Bloomington-based Cook Medical has established a division to capitalize on the growing market for minimally invasive procedures to fix problems in ears, noses and throats, as well as other maladies of the head and neck.
Cook announced the division, its 10th, on Monday during the American Academy of Otolaryngology-Head and Neck Surgery conference in Washington, D.C.
In the United States, those markets will grow by 4 percent to 5 percent over the next five years, reaching $500 million in device sales by 2016, according to a projection issued in October by Toronto-based Millennium Research Group.
Every year, 300,000 Americans get endoscopic sinus surgery, spending more than $1 billion, according to research by Columbia University.
“As we met with physicians, we heard loud and clear that they saw many opportunities for minimally invasive medical devices in this field,” Thomas Cherry, global leader for Cook Medical’s Otarlaryngology/Head and Neck Surgery division, said in a prepared statement.
Cook’s new division will focus on: soft tissue repair, salivary gland disease, chronic sinusitis, vocal cord paralysis, obstructive sleep apnea, and interventional airway and esophageal procedures. It is introducing three product lines this week aimed at the salivary glands, esophagus and thyroid.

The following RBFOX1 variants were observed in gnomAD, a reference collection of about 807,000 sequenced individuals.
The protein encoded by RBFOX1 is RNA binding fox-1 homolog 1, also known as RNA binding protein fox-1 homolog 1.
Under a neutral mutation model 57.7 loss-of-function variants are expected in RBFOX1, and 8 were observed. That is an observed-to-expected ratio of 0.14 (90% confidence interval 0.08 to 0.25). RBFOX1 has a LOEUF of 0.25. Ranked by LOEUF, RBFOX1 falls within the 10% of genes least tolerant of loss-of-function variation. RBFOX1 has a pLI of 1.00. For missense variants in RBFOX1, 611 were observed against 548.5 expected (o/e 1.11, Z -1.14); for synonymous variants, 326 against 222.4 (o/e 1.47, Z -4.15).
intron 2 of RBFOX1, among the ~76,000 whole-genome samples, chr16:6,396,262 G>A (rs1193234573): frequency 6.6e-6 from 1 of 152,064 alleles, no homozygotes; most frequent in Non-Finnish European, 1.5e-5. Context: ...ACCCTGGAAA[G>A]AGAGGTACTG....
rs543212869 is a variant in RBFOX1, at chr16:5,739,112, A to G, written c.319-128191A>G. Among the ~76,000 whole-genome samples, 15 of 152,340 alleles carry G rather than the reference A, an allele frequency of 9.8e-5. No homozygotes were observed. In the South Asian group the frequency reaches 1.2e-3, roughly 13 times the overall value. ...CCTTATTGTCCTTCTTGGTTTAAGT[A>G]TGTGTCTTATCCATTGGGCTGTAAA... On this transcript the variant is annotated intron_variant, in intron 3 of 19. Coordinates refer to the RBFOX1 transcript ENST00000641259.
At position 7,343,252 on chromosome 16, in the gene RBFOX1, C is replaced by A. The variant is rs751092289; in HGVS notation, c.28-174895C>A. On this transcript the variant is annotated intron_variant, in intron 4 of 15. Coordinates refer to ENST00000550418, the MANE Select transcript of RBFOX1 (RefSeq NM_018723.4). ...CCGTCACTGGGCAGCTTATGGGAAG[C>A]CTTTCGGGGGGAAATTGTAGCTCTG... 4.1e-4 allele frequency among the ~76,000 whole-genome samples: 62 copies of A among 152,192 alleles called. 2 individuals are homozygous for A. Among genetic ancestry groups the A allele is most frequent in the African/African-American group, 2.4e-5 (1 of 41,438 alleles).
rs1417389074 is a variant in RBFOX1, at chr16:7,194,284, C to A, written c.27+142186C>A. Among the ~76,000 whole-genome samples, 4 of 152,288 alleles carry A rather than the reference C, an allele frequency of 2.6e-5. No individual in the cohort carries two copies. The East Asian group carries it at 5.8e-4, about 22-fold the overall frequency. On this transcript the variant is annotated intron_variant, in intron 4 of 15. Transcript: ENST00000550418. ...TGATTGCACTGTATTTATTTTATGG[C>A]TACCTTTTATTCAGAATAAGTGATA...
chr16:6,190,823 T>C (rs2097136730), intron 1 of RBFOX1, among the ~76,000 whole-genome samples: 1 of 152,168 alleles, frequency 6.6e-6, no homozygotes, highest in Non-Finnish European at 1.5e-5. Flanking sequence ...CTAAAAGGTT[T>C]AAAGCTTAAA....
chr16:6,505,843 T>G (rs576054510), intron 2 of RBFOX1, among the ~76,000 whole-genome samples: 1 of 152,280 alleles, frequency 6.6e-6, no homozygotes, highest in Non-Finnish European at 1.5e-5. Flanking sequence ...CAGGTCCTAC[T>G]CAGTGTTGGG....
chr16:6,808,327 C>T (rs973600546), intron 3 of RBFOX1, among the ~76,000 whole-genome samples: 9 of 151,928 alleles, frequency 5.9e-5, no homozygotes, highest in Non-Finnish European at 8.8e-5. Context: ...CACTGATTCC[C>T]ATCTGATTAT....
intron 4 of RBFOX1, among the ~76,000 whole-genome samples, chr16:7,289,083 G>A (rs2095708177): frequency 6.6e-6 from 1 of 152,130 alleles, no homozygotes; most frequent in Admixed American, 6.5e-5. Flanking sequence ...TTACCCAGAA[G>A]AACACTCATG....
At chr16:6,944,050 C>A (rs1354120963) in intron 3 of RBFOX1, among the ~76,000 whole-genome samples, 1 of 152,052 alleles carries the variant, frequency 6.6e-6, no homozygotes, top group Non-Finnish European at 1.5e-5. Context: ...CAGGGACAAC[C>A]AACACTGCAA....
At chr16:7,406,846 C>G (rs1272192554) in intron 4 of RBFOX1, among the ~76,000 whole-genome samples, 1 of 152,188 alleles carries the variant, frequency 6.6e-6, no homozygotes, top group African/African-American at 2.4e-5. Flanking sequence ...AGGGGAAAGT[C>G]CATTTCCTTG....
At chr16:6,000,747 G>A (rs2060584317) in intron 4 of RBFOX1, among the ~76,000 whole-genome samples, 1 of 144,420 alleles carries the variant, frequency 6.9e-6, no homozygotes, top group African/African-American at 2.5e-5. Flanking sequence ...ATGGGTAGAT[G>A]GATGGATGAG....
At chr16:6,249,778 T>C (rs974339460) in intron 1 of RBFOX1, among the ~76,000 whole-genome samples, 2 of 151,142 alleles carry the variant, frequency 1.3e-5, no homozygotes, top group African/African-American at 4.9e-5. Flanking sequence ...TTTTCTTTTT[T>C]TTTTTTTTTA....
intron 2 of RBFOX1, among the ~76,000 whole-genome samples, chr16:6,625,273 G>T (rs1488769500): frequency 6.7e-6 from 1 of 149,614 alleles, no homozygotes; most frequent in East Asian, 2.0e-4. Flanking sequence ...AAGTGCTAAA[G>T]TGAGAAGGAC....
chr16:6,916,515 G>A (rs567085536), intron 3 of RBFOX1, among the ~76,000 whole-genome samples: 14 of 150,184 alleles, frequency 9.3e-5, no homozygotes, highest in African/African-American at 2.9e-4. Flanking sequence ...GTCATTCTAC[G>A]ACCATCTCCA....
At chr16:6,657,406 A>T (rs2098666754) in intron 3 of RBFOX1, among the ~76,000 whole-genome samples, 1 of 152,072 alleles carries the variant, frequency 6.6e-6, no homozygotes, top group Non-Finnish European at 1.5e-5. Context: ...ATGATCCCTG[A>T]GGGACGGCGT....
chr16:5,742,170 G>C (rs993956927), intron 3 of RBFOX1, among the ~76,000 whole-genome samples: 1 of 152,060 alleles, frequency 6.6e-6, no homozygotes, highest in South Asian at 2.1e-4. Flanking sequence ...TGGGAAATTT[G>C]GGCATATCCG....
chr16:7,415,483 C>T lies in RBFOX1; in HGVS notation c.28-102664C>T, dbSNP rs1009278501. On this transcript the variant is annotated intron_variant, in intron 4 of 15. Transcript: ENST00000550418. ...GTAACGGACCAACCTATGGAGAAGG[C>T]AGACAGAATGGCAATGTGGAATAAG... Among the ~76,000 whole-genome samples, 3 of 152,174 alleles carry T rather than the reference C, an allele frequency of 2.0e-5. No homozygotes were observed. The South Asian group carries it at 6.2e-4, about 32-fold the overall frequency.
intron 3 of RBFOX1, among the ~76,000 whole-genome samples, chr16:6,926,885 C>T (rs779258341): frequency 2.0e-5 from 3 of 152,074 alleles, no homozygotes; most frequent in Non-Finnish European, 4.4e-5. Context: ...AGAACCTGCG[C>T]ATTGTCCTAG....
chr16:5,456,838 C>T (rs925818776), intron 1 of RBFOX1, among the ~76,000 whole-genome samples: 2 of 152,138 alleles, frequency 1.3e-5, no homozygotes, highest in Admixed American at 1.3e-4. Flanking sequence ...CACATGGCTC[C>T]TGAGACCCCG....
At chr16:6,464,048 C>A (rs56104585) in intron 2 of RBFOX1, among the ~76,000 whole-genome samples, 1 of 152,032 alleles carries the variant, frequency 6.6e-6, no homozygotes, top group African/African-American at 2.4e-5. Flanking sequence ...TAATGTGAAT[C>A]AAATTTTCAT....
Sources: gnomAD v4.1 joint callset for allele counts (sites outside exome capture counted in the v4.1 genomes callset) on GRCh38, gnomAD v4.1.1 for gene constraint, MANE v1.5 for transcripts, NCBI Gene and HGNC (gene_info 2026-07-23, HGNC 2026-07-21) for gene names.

Cook has made catheters and other devices for minimally invasive surgeries since its founding in 1963. Its other divisions include products for interventional radiological tests, opening blood vessels, fixing urological problems and addressing women’s health issues.
"Cook Medical has a solid and lengthy track record in innovating minimally invasive technologies, and has the ability to help transform the way we may approach such things as reducing post-tonsillectomy pain or advancing our understanding of the treatment of sinusitis,” Dr. Patrick Melder of ENT Associates of North Georgia, said in a prepared statement released by Cook. Melder is a paid consultant for Cook.